Our rest day wasn’t really a rest day! Michaela took us first to Schwaiganger – a State run Stud Farm. You can find a link here. The farm covers a large area – 850 hectares – and horses have been there for over 1,000 years. As you can see from the feature photo – it is a beautiful setting – with grassland, mountains and forest.
There are arenas – inside and out, cross country jump courses, parklands and beautiful old buildings. The Stud Farm also is a center for teaching – and for research.
We wandered through the grounds and came across a dressage lesson in the indoor arena. There were three riders and horses. The contrast between the days spent at Anja’s and this lesson was like a slap in the face! The teacher screamed commands at the riders and both horse and rider were tense and struggling to follow what the teacher said. Had it been me, I think I would have been curled up in a little ball sobbing!
It reminded me of riding lessons I took long ago in the early 70s. We would all ride around the arena while the teacher screamed instructions at us. There is no way any good learning can take place like that.
Unlike Anja’s, the lesson was a ‘one size fits all’. It wasn’t about the individual horse. What was the screaming about? Why is there so much anxiety? Of course these horses were being prepared for a riding test/competition. I gather that that all these tests help in eventually selling the horse for a good price.
But is this still a common way to learn? I can’t say for sure as I don’t have any involvement with riding lessons – but screaming instructors were commonplace a few years ago. What motivated them to scream? Was it the numbers of students? The frustrations of teaching? Was it tradition? I remember that time years ago – my focus wasn’t on the horse, it was on how to make the screaming go away. Before each lesson I had a mix of excitement and anxiety – excitement that once again I was going to ride a horse – and anxiety that I needed to contend with a screaming teacher.
As I watched, I really felt for both the rider and the horse. It was so easy to see the tension. Both horse and rider looked exhausted. It was a far cry from watching Anja the previous day. No wonder she ends up with horses from desperate owners, trying to fix whatever physical problem they have.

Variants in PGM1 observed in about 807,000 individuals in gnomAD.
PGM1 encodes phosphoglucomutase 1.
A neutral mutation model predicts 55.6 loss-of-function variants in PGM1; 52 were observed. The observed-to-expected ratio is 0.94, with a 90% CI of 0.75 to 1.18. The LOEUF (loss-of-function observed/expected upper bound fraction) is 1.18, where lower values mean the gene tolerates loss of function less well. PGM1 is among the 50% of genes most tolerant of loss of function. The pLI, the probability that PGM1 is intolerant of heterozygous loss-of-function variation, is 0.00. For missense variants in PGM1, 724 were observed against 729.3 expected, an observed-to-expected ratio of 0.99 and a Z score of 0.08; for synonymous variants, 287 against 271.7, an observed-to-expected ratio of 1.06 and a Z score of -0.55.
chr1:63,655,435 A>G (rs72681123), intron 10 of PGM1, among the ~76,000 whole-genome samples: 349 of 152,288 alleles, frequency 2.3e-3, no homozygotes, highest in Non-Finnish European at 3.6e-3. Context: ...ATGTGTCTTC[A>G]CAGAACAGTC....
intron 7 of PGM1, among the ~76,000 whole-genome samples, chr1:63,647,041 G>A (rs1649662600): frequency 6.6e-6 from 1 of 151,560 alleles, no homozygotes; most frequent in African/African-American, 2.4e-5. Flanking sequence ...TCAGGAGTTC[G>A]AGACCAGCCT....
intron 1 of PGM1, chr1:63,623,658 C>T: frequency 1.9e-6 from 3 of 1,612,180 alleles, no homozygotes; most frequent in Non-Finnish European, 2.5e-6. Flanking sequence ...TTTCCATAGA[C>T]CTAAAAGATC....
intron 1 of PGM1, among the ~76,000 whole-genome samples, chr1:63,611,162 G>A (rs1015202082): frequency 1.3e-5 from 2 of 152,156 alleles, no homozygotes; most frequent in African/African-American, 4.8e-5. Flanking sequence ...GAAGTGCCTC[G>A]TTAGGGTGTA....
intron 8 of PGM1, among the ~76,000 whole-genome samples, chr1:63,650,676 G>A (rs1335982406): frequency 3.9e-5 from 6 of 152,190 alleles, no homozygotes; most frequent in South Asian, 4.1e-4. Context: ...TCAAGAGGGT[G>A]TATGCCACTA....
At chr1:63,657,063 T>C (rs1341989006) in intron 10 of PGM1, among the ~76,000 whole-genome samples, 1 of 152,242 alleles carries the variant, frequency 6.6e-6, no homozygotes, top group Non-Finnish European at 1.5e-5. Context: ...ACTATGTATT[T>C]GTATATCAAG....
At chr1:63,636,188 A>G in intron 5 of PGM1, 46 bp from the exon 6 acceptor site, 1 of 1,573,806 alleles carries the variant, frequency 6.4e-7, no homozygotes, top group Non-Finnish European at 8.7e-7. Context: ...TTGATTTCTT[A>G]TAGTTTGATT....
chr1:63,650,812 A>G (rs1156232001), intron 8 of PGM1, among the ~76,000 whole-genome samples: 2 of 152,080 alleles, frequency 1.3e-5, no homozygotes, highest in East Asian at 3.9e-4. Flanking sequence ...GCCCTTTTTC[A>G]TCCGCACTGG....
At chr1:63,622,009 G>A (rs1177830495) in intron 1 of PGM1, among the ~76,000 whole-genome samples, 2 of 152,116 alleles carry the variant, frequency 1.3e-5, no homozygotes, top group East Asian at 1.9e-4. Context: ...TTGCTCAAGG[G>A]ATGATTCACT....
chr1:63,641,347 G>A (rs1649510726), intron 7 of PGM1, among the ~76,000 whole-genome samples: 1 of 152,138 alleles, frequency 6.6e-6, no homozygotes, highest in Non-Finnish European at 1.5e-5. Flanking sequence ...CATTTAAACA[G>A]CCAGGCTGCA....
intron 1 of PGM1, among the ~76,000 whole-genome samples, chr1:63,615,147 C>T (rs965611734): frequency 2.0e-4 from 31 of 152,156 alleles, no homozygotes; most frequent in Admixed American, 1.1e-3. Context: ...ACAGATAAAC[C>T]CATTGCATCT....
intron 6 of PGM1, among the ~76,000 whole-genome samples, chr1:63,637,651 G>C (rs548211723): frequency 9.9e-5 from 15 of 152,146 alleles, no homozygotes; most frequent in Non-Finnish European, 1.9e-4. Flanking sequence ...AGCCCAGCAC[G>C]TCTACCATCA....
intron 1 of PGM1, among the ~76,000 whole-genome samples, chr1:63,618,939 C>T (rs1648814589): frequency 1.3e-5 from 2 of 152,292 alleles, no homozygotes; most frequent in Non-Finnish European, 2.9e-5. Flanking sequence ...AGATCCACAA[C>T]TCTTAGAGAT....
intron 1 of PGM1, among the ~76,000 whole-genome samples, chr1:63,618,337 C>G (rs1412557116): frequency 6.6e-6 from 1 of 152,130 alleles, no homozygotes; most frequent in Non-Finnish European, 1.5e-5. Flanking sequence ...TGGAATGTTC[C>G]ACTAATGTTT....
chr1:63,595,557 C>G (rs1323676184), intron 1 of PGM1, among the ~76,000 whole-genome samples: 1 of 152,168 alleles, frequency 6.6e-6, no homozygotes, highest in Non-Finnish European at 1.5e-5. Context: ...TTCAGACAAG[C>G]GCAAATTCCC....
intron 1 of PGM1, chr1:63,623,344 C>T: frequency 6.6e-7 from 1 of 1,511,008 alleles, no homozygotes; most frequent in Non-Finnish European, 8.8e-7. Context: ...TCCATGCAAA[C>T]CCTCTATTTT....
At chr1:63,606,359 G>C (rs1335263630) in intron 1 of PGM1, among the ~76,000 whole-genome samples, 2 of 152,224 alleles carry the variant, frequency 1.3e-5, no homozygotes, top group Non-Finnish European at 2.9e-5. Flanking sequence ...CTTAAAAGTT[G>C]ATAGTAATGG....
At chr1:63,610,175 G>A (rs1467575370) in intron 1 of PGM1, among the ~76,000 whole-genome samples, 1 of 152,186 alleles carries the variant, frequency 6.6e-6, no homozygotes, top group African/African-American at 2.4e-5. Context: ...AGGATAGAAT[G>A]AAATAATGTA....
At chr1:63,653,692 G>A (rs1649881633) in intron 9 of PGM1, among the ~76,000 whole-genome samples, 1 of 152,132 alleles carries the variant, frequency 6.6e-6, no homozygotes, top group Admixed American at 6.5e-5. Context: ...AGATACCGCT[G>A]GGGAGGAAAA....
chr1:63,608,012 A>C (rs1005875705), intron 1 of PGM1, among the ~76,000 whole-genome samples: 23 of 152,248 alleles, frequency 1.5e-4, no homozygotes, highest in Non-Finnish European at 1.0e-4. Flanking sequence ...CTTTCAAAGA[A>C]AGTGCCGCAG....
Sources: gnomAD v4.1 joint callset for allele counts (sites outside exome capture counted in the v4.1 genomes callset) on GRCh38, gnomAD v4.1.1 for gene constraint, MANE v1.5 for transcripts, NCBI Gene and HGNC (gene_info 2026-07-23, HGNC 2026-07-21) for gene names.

And no wonder she has an uphill battle on her hands to fight the ‘system’, where many horses are churned out and stallions are put through tests that can ruin them physically and mentally for the rest of their lives. As with any industry, it’s about making money – but it’s time to stop and consider the animal. And along with so many other industries we have to stop the ‘throw away’ mentality.
Oh dear! This blog drifted away from my original thoughts and put me up on my soapbox! But the contrast in what we saw at this facility and what we were seeing at Anja’s was astounding. It’s important to talk about it.
Leave a comment if you have also encountered screaming teachers!
More about our rest day to come!
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2 thoughts on “5. Anja Beran – Contrast Teaches!”
Heather, I have been a “screaming instructor” myself. I have been labelled “a general” shouting orders. Why does a general shout orders? Because there is a whole bataljon of soldiers to get the message through.
I am not defending.
I am just painting a different picture.
When we as auditors these days can generate Acceptance… Allowance…Compassion.. we will ultimately create space and possibility for others to shift. To change their perspective. To change rheir behaviour. And to perhaps choose to buy a communication device. Then there will be no more “screaming” necessary.
I bought myself such a communication device some 20 years ago. The rider has me within his/her ear via an earphone and can remain focussed on the horse instead of anxiety starting to play a role. Anxiety that the instruction might be misunderstood or missed. And thus perhaps hindering the horse.
So yes, I fully understand and agree with your feelings. And yes, I fully agree that “screaming” is not helpful for either party. Not just for horse and rider. The instructor/coach/mentor could in the end run a risk of losing his voice, too.
Love your blogs and looking forward to the next edition. Take care.
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Thanks for your input Geerteke. It’s interesting to hear from an instructor’s viewpoint!!!